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Tuesday, 21 August 2007 15:51

Point 14 - Deming in Project Management

Total Participation Starting From the Top

This point speaks to the need for
(1) commitment from top management and
(2) commitment from everyone else in the organization.
Quality is everyone’s job, and if any implementation is not total, it will not fulfill its full potential. 

In project management, I see this point alluding to executive formation and support of a company-wide Project Management Office. That PMO must be the central source of all project management knowledge, under continuous development by the practitioners of project management. Lessons learned and any potential improvements to the project management methodology used by all PM’s in the company should be evaluated, tested, and implemented as a positive change.

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Tuesday, 21 August 2007 15:49

Point 13 - Deming in Project Management

Training Not Related to Job/Task

In order for continuous improvement to become organizational culture, it must also become a personal goal for every employee. Self-improvement should not be limited to immediate application, that would be an example of short-term thinking. Employees are the most important assets of an organization, and therefore require effort to retain and enhance them.

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Sunday, 12 August 2007 21:11

Point 12 - Deming in Project Management

Enable Pride of Workmanship

Deming claimed that the sense of having helped other people is the most significant motivator and source of job satisfaction. It is one of the biggest enablers for pride of workmanship.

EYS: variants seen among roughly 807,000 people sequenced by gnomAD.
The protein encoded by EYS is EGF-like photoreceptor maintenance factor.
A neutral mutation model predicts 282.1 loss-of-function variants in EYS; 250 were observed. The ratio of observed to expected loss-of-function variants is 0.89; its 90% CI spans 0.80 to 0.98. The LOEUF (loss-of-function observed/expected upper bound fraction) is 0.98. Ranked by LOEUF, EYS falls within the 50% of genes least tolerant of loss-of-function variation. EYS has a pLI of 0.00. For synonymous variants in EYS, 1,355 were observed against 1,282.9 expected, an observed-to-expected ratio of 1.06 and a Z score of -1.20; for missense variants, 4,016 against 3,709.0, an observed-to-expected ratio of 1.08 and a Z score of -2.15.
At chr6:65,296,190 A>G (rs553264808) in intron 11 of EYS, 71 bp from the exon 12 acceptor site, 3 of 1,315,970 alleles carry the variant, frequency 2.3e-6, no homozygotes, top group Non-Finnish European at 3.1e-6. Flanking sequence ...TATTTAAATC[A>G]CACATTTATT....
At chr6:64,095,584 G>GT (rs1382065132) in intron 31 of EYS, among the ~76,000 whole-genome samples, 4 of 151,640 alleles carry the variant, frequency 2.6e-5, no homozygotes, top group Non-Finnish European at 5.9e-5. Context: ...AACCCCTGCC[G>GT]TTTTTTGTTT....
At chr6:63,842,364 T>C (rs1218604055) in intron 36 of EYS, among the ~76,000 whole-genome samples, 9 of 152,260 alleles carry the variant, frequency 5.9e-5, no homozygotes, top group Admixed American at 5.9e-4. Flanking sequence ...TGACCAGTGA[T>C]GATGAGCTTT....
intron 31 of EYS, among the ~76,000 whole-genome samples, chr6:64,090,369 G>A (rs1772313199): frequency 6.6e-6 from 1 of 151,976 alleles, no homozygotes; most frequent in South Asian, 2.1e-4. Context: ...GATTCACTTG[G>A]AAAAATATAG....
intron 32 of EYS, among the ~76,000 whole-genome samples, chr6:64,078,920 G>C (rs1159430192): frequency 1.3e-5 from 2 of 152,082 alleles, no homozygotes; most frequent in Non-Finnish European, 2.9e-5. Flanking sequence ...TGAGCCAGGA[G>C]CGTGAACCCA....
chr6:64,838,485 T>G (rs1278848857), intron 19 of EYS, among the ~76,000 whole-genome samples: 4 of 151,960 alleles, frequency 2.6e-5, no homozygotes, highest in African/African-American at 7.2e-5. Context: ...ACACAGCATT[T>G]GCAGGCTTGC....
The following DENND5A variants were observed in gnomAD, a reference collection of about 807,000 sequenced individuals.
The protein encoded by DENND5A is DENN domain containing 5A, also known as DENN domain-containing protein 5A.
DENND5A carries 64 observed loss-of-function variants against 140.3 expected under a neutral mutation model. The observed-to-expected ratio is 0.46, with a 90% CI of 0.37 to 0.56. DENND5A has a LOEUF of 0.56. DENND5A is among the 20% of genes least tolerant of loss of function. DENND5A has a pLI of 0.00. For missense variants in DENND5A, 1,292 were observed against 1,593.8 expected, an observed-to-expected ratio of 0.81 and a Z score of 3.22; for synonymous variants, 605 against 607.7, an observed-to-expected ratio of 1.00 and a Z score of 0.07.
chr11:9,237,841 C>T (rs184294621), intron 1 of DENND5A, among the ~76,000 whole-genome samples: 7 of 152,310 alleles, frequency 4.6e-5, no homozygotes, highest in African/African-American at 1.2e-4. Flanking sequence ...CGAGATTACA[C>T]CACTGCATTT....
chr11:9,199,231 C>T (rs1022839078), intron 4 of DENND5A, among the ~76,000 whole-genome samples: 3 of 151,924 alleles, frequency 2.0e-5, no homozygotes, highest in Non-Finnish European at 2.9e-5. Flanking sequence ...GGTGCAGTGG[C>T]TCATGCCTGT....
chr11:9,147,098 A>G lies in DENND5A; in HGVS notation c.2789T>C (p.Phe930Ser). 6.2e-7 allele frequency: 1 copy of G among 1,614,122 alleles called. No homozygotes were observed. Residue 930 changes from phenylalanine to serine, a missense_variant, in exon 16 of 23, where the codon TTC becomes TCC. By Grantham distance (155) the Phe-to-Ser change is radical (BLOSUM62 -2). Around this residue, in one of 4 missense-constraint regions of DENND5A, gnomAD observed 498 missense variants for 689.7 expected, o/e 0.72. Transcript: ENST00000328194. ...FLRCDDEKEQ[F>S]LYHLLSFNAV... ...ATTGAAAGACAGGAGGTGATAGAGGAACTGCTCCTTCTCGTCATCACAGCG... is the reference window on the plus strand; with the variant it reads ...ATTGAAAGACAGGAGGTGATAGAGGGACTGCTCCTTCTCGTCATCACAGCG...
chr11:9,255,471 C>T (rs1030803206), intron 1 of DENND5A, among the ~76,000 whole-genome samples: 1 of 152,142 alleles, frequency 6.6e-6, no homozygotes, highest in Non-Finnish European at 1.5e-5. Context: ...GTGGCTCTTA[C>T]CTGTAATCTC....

Of the projects you have worked on, think about the ones you are most proud of. What is it that makes you look back and say, “Wow! Look what we did!!!”
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Sunday, 12 August 2007 21:03

Point 10 - Deming in Project Management

No Slogans or Disingenuous Pep Talks

This point consists of two elements as I see it. (1) Walk the talk, and (2) hold systems accountable.

Walk the Talk

Slogans are phony. The word slogan has a connotation of something that is not real. It sounds like an advertisement, and not something you can really trust in. In a project management organization, it is much better to have published guidelines and a vision that defines your philosophy and practice. Train your project managers and teams on the methodology. Then, let them execute within that framework, and put a system in place so that the practitioners can revise the process and make it better.

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Sunday, 12 August 2007 20:54

Point 9 - Deming in Project Management

Break Down Departmental Barriers in Pursuit of a Common Goal

Many processes are cross-functional. The same is true of projects. {mosimage}This point is about dissolving the “us versus them” scenario that so often exists in one form or another within organizations. In most projects that I work on, there are individuals from departments such as operations, central services and other support functions, MIS, IT, Service Engineering, etc. The “us versus them” attitude comes about when project managers and project team members look at their own interests at the exclusion of others, and instead of working towards a common goal, work towards their own separate and distinct goals.